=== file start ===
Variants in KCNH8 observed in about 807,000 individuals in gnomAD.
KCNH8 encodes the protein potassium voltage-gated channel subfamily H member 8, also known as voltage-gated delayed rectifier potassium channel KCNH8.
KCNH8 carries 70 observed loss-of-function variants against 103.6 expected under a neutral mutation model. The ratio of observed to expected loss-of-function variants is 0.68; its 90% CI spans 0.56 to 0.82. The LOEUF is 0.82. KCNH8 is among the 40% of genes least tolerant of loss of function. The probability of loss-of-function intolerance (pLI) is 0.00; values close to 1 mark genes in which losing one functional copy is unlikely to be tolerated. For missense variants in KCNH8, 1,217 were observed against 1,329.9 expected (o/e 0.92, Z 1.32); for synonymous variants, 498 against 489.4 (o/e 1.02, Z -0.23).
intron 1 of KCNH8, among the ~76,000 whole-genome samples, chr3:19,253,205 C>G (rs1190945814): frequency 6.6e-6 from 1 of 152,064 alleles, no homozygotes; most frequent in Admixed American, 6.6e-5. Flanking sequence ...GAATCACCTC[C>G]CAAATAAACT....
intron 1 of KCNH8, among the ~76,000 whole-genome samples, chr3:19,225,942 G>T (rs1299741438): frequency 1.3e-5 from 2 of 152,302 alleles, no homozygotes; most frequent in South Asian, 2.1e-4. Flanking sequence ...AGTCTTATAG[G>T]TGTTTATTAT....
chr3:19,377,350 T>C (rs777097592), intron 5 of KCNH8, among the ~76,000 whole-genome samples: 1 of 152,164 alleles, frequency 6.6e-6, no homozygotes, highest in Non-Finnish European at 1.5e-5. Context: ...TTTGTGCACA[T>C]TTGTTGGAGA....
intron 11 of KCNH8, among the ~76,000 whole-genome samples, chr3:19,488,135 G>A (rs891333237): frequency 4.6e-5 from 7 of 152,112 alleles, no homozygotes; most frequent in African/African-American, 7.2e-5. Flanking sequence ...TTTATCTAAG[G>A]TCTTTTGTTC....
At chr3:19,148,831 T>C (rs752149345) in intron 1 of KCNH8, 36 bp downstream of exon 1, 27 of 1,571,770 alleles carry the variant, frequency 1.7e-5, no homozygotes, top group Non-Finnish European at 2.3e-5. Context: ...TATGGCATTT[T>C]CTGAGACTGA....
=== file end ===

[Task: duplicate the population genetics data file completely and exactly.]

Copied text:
Variants in KCNH8 observed in about 807,000 individuals in gnomAD.
KCNH8 encodes the protein potassium voltage-gated channel subfamily H member 8, also known as voltage-gated delayed rectifier potassium channel KCNH8.
KCNH8 carries 70 observed loss-of-function variants against 103.6 expected under a neutral mutation model. The ratio of observed to expected loss-of-function variants is 0.68; its 90% CI spans 0.56 to 0.82. The LOEUF is 0.82. KCNH8 is among the 40% of genes least tolerant of loss of function. The probability of loss-of-function intolerance (pLI) is 0.00; values close to 1 mark genes in which losing one functional copy is unlikely to be tolerated. For missense variants in KCNH8, 1,217 were observed against 1,329.9 expected (o/e 0.92, Z 1.32); for synonymous variants, 498 against 489.4 (o/e 1.02, Z -0.23).
intron 1 of KCNH8, among the ~76,000 whole-genome samples, chr3:19,253,205 C>G (rs1190945814): frequency 6.6e-6 from 1 of 152,064 alleles, no homozygotes; most frequent in Admixed American, 6.6e-5. Flanking sequence ...GAATCACCTC[C>G]CAAATAAACT....
intron 1 of KCNH8, among the ~76,000 whole-genome samples, chr3:19,225,942 G>T (rs1299741438): frequency 1.3e-5 from 2 of 152,302 alleles, no homozygotes; most frequent in South Asian, 2.1e-4. Flanking sequence ...AGTCTTATAG[G>T]TGTTTATTAT....
chr3:19,377,350 T>C (rs777097592), intron 5 of KCNH8, among the ~76,000 whole-genome samples: 1 of 152,164 alleles, frequency 6.6e-6, no homozygotes, highest in Non-Finnish European at 1.5e-5. Context: ...TTTGTGCACA[T>C]TTGTTGGAGA....
intron 11 of KCNH8, among the ~76,000 whole-genome samples, chr3:19,488,135 G>A (rs891333237): frequency 4.6e-5 from 7 of 152,112 alleles, no homozygotes; most frequent in African/African-American, 7.2e-5. Flanking sequence ...TTTATCTAAG[G>A]TCTTTTGTTC....
At chr3:19,148,831 T>C (rs752149345) in intron 1 of KCNH8, 36 bp downstream of exon 1, 27 of 1,571,770 alleles carry the variant, frequency 1.7e-5, no homozygotes, top group Non-Finnish European at 2.3e-5. Context: ...TATGGCATTT[T>C]CTGAGACTGA....